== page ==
Pretending To See The Future #2
by Oliver Rose
Georgia – Orchestral Manoeuvres In The Dark (1981) Track from the album Architecture & Morality
On first play, the vibrant bounce of Georgia is a welcome ray of sunshine on OMD’s otherwise bleak third LP. Neatly pre-empting their 1983 Cold War-riddled record Dazzle Ships, this track, indebted to the Russian territory (and not in fact a female character), features a danceable synthpop beat, mixed perversely with pessimistic, Easterly scepticism. The lyric, from the naïve perspective of a Georgian, makes an ironic and snarlingly British mockery of the joyous arpeggiator cascades preceding the depressing, screeching end (the ‘blindfolded’ Eastern narrator, you see, is “dancing in the ruins of the western world”). With its squelchy dance dynamics, this is the best kind of new wave – that which pretentiously tries its hand at both politics and pop.
Temptation – New Order (1982) Standalone single
Enjoyed best in its full 8:56 version (complete with Peter Saville’s full, unedited 12” sleeve artwork), Temptation is arguably New Order’s all-time finest, encompassing the post-punk scratch of their former Joy Division, and the lo-fi sequential synths that would go on to define 1983’s Power, Corruption & Lies. Punchy drums and analog rhythms underpin this track with Bernard Sumner’s choppy electric guitar and Peter Hook’s high-end bass melodies weaving in and out of the mix, occassionally swamping it with their crunchy, cheaply-produced euphony. The romantic vocals deliver a timeless chorus of various eye-colours, and Sumner vacillates between deep-voiced pretention and impassioned yelping, before a falsetto finale. What’s not to love?
Oops! It’s an Accident – Gary Allen (1982) Track from the EP, In White America (This Hollow Valley Broken Jaw of Our Lost Kingdom)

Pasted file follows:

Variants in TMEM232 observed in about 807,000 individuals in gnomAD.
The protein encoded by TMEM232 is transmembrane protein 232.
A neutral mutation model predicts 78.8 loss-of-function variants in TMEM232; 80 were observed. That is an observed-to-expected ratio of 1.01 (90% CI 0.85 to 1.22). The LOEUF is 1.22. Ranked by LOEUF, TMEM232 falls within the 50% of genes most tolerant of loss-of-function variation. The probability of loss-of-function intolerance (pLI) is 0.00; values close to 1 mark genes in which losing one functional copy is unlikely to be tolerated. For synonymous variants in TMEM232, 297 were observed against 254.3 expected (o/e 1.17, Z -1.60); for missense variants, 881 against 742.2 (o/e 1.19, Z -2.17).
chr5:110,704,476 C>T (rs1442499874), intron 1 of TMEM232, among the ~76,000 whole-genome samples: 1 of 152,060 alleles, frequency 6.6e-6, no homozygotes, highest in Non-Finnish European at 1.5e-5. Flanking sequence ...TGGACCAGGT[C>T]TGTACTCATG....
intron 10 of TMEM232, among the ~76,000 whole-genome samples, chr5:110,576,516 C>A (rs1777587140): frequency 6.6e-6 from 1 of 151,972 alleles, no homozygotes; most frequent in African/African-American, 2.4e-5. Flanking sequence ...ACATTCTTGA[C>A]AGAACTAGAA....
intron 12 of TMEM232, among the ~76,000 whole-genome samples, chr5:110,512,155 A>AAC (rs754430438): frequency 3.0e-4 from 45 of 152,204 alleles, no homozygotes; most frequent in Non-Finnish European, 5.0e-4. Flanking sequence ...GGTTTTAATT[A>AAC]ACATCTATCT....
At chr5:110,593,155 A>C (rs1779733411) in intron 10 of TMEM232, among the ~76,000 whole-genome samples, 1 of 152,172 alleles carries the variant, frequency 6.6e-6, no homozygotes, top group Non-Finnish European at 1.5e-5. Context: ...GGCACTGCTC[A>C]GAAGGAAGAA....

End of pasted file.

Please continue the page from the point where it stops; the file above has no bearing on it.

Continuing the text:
A dive now into the strange world of minimal wave, a bizarre genre of punky synth, characterised by artful, pretentious melancholy and fully-analog aesthetics. Journalist Veronica Vasicka’s establishment of the Minimal Wave label in 2005 saw a surge of interest in this forgotten music, which, in even its original incarnations, was largely unknown and mostly cassette-based. Gary Allen here, presents avant-garde new wave’s campest apology going, his pantomime-like enunciation mimicking the botched translatory style from which European minimal wave famously suffers, as artists strived to sing in English. Coupled then with a tonal shift between chorus and verse that oddly traverses both menace and mirth, this is one loveable oddity indeed.
Airbrushed – Anamanaguchi (2010)
From one fringe subgenre to another! Chiptune is the ecstatic sound of musicians with a penchant for retro gaming, and Anamanaguchi are its key exponents – this, Airbrushed, is my favourite of theirs. It combines wailing rock guitars (both overdriven rhythm and screaming solos) with the irrepressible vividity of the bitty electronics’ obvious visual connotations. It’s single-handedly the most superfluous kind of music I know, its many million melodies each as kiddishly exuberant as the next. And just check out that crazy cover art: a topless chibi surfing on a ninja cat; a bounding mushroom; a huge golden robot with cannons for arms; a nuclear, rainbow haze bringing up the rear. Yes, it might be batshit, but its child-like mischievousness is undeniably cool.
Monstrous – Metronomy (2014) Track from the album Love Letters
Metronomy’s lo-fi odyssey Love Letters, is dotted with sophisticated synthesiser melodies that build on funk and soul influences to further ecclectise the already multifarious band. These songs, half-baked on first impression, are gob-stopping through earphones. Utilising wide, bassy textures, Metronomy weaves their demented lullaby soundtrack with blurred organs and damp mellotrons. Odd then, that Monstrous makes such full use of aural stereoscopy, beginning with an initially-cohesive organ coda that swerves off into the right channel as Joe Mount’s cleanly-recorded vocal intones roboticlly through the left. The neo-psychadelia experience gets spacier still as the bass later rises to clamp its wet depths firmly over ears, creating a truly three-dimensional sound. Corr.